A "training" Brevet x (0.5)

Jason and Andrew (aka me) set out on Saturday the 7th to get the legs moving again and some distance under their belt.  We decided to do the Grab Bag 200k  Brevet that was a mostly flat ride leaving from just south of Portland.  The weather was amazing with clear skies and relatively warm weather (after the sub 40 degree start).

We started in Newberg, OR after a nice 430 AM wake up to get there in plenty of time to sign in, pick up our card and be ready to leave at 7.  As usual we were a few minutes late to actually get on our bikes - leaving us at the back of the pack and only catching the slower riders as they stopped to use the restroom.  Jason (as usual) was riding the deepest wheels and I think we were 2 of only 5 riders on Carbon out of a field of 30.  Two of the others were on custom Calfee's, one of which was a recumbent.  This is a group where the boutique bikes are heavy steel and there is certain prestige in riding the most dilapidated machine possible.

Both Jason and I were pretty comfy on the get go even though my chin was quite cold. We both were happy to live in oregon and sport the requisite beard. Why didn't I bring a neck warmer like I always do?  Plus I had to bring rain gear just to break the wind.  But clear skies in March can't be beat. The first stop was about 20 miles in - the entire field descended on one Sticky bun place that had an amazing sticky bun.  Jason bought a quarter of one -which filled a plate - and we then split it among 4 people.

It was really an amazingly pretty day.

From this point on we continued along keeping a solid if not great pace - sitting right at around 15 - 16 mph average.  Not super fast but steady.  I slowly had to start shedding layers as I was overheating.  

The roads were good but there was an insane number of turns. I had loaded everything into my Map My Ride kit and then kept my phone charged off my Dynohub for the whole route which absolutely made my ride better.  I just had to make sure my dot was on the blue line and all was good.

Soon we made it to the next stop which was another coffee shop.  Here Jason chose a scone which turned out to be cream filled.  Needless to say the idea of keeping a calorie neutral ride in was not a problem.

I opted for a healthier cookie and espresso.  It melded well with my gel blocks which I had been eating continually.  These were my first Gels since RAO last year. I follow the "eat before you are hungry and just always drink."  I had my first leg cramps at mile 15 so - I rapidly switched to water with tablets in it to restore electrolytes. Made a difference from that point on.

Jason also learned that he looks pretty stupid with a cycling hat under his helmet .  OK - well Jason didn't learn that but hopefully he reads this post and comes the same conclusion.  He also hated the hat and ditched it within a couple of miles of this point. His question was - why would I put something to make it so I can't see?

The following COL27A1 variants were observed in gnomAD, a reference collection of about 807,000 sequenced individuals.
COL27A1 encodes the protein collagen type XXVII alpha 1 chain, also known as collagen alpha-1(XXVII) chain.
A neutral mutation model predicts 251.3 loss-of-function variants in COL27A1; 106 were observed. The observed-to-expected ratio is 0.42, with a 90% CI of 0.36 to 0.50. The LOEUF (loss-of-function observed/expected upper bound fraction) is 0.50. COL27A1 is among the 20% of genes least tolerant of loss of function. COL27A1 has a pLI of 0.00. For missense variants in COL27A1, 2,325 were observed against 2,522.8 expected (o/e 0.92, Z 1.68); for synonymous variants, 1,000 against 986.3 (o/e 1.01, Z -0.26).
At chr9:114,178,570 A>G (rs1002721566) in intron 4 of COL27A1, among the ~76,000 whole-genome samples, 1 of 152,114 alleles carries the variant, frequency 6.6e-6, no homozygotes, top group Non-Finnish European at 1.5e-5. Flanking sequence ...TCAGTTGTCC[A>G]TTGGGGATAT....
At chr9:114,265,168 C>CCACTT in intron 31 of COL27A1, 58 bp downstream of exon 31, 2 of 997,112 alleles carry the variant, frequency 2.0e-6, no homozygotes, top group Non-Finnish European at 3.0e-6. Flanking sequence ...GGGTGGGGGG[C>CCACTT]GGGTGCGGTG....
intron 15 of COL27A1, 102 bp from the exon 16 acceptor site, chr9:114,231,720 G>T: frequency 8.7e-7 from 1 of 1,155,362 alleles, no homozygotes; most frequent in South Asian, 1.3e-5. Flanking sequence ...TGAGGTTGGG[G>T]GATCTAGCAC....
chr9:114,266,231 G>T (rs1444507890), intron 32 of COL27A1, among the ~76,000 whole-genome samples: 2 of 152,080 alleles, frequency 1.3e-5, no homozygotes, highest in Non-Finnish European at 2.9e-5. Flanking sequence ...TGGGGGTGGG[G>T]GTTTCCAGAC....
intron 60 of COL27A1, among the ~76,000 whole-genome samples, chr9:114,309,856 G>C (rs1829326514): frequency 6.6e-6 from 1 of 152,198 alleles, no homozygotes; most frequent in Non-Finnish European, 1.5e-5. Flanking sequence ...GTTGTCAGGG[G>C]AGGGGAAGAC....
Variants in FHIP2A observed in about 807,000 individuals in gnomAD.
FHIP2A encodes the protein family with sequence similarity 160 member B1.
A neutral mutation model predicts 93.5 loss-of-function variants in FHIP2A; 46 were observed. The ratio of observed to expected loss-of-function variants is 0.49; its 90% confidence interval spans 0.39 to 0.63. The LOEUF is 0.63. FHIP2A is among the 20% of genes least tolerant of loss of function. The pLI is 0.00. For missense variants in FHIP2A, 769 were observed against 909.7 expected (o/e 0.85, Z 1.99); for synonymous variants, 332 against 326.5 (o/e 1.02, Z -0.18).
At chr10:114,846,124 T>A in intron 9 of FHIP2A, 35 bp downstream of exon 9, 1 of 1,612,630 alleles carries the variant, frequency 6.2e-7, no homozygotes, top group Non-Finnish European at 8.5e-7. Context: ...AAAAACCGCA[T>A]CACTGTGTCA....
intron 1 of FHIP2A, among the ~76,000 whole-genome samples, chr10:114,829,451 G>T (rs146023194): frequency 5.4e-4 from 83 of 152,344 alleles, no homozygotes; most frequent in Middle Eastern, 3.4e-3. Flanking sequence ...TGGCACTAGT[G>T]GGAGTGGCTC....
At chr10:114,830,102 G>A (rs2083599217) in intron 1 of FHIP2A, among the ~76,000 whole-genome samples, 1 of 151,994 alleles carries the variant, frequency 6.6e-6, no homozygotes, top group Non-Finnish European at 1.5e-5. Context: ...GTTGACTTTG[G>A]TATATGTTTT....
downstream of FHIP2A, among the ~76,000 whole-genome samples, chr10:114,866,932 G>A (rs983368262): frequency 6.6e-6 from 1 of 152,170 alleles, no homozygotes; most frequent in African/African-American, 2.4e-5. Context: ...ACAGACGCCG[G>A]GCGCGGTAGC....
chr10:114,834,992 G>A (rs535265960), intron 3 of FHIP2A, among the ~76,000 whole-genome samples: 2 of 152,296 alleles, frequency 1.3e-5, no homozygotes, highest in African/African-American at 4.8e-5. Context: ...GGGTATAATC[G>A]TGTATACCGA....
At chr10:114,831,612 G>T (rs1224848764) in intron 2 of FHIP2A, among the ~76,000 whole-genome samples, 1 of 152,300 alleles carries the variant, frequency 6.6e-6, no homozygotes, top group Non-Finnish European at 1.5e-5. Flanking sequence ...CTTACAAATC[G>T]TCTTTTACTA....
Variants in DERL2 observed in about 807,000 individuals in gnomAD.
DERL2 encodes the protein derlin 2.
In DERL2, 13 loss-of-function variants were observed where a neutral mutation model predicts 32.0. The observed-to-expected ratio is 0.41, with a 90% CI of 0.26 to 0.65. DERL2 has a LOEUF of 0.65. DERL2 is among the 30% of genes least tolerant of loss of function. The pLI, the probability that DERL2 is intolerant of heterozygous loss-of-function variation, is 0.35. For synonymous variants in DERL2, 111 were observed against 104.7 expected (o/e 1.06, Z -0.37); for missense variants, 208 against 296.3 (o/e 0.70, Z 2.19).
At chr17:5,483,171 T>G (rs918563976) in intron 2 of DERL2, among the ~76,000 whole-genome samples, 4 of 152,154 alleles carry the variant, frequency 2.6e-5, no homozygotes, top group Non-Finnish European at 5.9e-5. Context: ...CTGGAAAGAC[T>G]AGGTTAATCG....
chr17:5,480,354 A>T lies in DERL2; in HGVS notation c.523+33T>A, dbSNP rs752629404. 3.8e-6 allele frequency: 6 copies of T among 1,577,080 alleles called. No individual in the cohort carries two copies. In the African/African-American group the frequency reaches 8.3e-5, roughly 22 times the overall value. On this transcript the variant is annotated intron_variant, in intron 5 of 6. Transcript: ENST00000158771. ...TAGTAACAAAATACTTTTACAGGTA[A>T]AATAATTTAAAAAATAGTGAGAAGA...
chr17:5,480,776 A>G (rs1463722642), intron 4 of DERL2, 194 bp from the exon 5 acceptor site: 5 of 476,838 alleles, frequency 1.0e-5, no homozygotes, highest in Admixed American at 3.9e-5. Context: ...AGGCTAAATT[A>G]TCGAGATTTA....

Leaving (whatever the town was called), we headed out at around mile 45 and onto the only climb of the day.  It started with a fun descent and it had gotten warm enough that I was down to bibs and riding shirt .  Jason was still rocking arm and knee warmers. I don't know how he didn't melt.  
Jason on the climb.

We then started up and up and up.  It actually wasn't that long of a climb but it was fun. I expected worse. The weather was crystal clear and we were rewarded at the top with a great view of  Mt Hood (Which is the image that started this post).  We met the climb organizer at the top and then did a super fun descent down into Newberg. 

Then we texted that we were DNFing.  We rode 99km and felt pretty good.  We both felt that we could have finished the race but considering our distance training to date (almost none) that it was better to have legs to keep training on rather than pulling a tendon or getting really bad spring knee and having to spend time off the bike. Since this was a training ride and not a goal it seemed like the smart choice even though the last 100 would have been fun too.  

How'd it go?  Well the bikes worked perfect.  I love having a dyno hub for long rides since I can keep my phone up and running the whole time and don't have to worry about not having enough battery (I'm not using it on RAO though - there is a support vehicle).  I was using a new helmet that has better airflow and that will be super welcome on RAO this year. Mostly it felt great to get miles on the legs in great weather.  And hell - Jason didn't flat which is always a surprise.


  1. Great write-up and a great ride! Indeed, the hat looked stupid and (more importantly) gave me effectively no forward visibility. I also didn't flat. I really wish I had found and brought my real cold-weather gloves, as my hands being cold was the only part of the ride that was less than perfect!

    I might mention that the 1/4 of a sticky bun was about $2.50... making it the calorie bargain of the century.

    This was EXCELLENT motivation to start training in earnest.

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  3. No rain = No Flats. Historically this is a true statement. Let's hope this year's RAO has the same effect (and no rain, if you please). Hats under helmets look silly but they keep UV rays off the scalp and keep sweat / salt / hair goo off the inside of the helmet. Perhaps a skull cap versus a ball cap style makes sense (fashion sense). Great ride.


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